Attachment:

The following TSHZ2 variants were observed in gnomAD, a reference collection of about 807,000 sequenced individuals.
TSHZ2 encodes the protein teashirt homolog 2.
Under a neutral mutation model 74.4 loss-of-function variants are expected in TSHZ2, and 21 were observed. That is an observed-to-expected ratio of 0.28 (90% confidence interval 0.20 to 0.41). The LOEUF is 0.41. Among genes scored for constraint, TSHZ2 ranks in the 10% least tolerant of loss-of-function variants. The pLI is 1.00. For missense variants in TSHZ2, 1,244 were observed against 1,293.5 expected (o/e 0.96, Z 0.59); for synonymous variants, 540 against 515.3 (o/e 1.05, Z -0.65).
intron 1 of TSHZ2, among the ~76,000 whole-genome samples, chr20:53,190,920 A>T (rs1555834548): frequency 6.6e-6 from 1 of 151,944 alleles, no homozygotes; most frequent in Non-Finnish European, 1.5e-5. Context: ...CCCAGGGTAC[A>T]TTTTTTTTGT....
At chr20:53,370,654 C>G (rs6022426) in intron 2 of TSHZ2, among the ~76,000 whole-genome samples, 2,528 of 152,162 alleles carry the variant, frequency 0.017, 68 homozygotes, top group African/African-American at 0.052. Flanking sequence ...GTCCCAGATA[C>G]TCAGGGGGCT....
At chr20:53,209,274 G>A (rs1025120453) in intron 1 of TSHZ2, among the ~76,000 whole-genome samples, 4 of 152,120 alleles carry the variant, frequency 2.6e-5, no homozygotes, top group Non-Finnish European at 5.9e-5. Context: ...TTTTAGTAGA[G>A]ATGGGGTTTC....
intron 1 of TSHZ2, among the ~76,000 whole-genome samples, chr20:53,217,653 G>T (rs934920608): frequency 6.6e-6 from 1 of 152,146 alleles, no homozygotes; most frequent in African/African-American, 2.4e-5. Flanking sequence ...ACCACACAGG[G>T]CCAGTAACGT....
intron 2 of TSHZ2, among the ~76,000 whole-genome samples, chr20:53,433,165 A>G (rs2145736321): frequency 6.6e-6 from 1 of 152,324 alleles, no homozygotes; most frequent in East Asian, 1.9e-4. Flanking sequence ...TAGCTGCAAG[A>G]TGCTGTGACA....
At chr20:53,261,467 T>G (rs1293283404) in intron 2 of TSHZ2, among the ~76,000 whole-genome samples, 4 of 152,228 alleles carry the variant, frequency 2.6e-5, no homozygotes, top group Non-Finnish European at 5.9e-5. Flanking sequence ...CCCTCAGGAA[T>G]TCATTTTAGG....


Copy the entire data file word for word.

The following TSHZ2 variants were observed in gnomAD, a reference collection of about 807,000 sequenced individuals.
TSHZ2 encodes the protein teashirt homolog 2.
Under a neutral mutation model 74.4 loss-of-function variants are expected in TSHZ2, and 21 were observed. That is an observed-to-expected ratio of 0.28 (90% confidence interval 0.20 to 0.41). The LOEUF is 0.41. Among genes scored for constraint, TSHZ2 ranks in the 10% least tolerant of loss-of-function variants. The pLI is 1.00. For missense variants in TSHZ2, 1,244 were observed against 1,293.5 expected (o/e 0.96, Z 0.59); for synonymous variants, 540 against 515.3 (o/e 1.05, Z -0.65).
intron 1 of TSHZ2, among the ~76,000 whole-genome samples, chr20:53,190,920 A>T (rs1555834548): frequency 6.6e-6 from 1 of 151,944 alleles, no homozygotes; most frequent in Non-Finnish European, 1.5e-5. Context: ...CCCAGGGTAC[A>T]TTTTTTTTGT....
At chr20:53,370,654 C>G (rs6022426) in intron 2 of TSHZ2, among the ~76,000 whole-genome samples, 2,528 of 152,162 alleles carry the variant, frequency 0.017, 68 homozygotes, top group African/African-American at 0.052. Flanking sequence ...GTCCCAGATA[C>G]TCAGGGGGCT....
At chr20:53,209,274 G>A (rs1025120453) in intron 1 of TSHZ2, among the ~76,000 whole-genome samples, 4 of 152,120 alleles carry the variant, frequency 2.6e-5, no homozygotes, top group Non-Finnish European at 5.9e-5. Context: ...TTTTAGTAGA[G>A]ATGGGGTTTC....
intron 1 of TSHZ2, among the ~76,000 whole-genome samples, chr20:53,217,653 G>T (rs934920608): frequency 6.6e-6 from 1 of 152,146 alleles, no homozygotes; most frequent in African/African-American, 2.4e-5. Flanking sequence ...ACCACACAGG[G>T]CCAGTAACGT....
intron 2 of TSHZ2, among the ~76,000 whole-genome samples, chr20:53,433,165 A>G (rs2145736321): frequency 6.6e-6 from 1 of 152,324 alleles, no homozygotes; most frequent in East Asian, 1.9e-4. Flanking sequence ...TAGCTGCAAG[A>G]TGCTGTGACA....
At chr20:53,261,467 T>G (rs1293283404) in intron 2 of TSHZ2, among the ~76,000 whole-genome samples, 4 of 152,228 alleles carry the variant, frequency 2.6e-5, no homozygotes, top group Non-Finnish European at 5.9e-5. Flanking sequence ...CCCTCAGGAA[T>G]TCATTTTAGG....